Moody’s gives M&S negative outlook amid profitability concerns

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Moody's gives M&S negative outlook amid profitability concerns
M&S's outlook to "negative" was revised from "on review to downgrade".
// Moody’s revises M&S outlook to negative, reflecting issues around profitability & credit metrics
// Moody’s confirms Ba1 senior unsecured long-term ratings of M&S & a (P)Ba1 long term medium-term note program rating
// Moody’s also confirms M&S’s Ba1-PD probability of default rating

Influential credit ratings firm Moody’s has revised M&S’s outlook to negative to reflect what it views as issues around the retailer’s profitability and credit metrics.

Moody’s said that in line with its expectations, M&S’s outlook to “negative” was revised from “on review to downgrade” because its profitability and credit metrics during or beyond fiscal 2022 were at risk of not recovering.

Moody’s also confirmed the the Ba1 senior unsecured long-term ratings of M&S and the retailer’s (P)Ba1 long term medium-term note program rating.


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Concurrently, Moody’s confirmed M&S’s Ba1 corporate family rating (CFR) and Ba1-PD probability of default rating (PDR).

The firm said the late March downgrade of M&S’s long term rating to Ba1 from Baa3 reflected the compounding impact of the coronavirus pandemic on the existing pressure on its credit quality, driven by a multi-year trend of weak underlying sales trends and declining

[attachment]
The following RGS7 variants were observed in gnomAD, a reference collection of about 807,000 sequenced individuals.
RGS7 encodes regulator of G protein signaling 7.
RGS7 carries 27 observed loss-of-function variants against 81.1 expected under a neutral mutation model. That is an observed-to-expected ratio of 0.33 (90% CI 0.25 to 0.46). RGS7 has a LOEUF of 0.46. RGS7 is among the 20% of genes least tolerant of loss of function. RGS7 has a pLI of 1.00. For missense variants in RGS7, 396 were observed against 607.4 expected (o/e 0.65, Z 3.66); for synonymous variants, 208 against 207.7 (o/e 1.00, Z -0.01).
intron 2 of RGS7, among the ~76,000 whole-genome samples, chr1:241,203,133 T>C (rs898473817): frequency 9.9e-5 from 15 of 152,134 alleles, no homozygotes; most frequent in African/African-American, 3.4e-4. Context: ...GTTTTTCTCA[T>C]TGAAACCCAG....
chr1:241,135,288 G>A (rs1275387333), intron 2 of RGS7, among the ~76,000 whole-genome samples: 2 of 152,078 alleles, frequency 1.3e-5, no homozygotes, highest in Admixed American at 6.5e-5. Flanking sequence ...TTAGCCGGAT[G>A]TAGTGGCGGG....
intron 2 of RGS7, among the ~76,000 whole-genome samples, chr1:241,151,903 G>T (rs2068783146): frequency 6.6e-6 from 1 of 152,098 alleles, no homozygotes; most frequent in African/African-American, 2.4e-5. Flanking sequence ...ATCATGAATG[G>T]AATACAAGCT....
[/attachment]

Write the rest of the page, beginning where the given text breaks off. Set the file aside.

profitability.

“The company is exposed to the very competitive UK retail market and in the months ahead will face uncertain demand levels, most notably in its clothing and home business, as weak consumer sentiment and a muted macroeconomic environment will persist,” Moody’s stated.

However, Moody’s said M&S’s CFR reflects the retailer’s enduring strong market positions, the range of initiatives underway pre-Covid to turn around the negative trends in sales and profitability, continued solid demand within M&S’s food business, and the additional diversification of risks the retailer’s international division provides.

“We expect a gradual recovery in credit quality in the remainder of the company’s fiscal 2021, ending March 2021, and in fiscal 2022,” Moody’s said.

“In the meantime, liquidity will remain good in the months ahead, supported by a raft of cost savings, including lower capital spending, focus on working capital management, cancellation of dividends, and tax savings.

“As we expected in March, the company has retained full access to its revolving credit facility after its banks agreed amendments to the facility’s financial covenant.”

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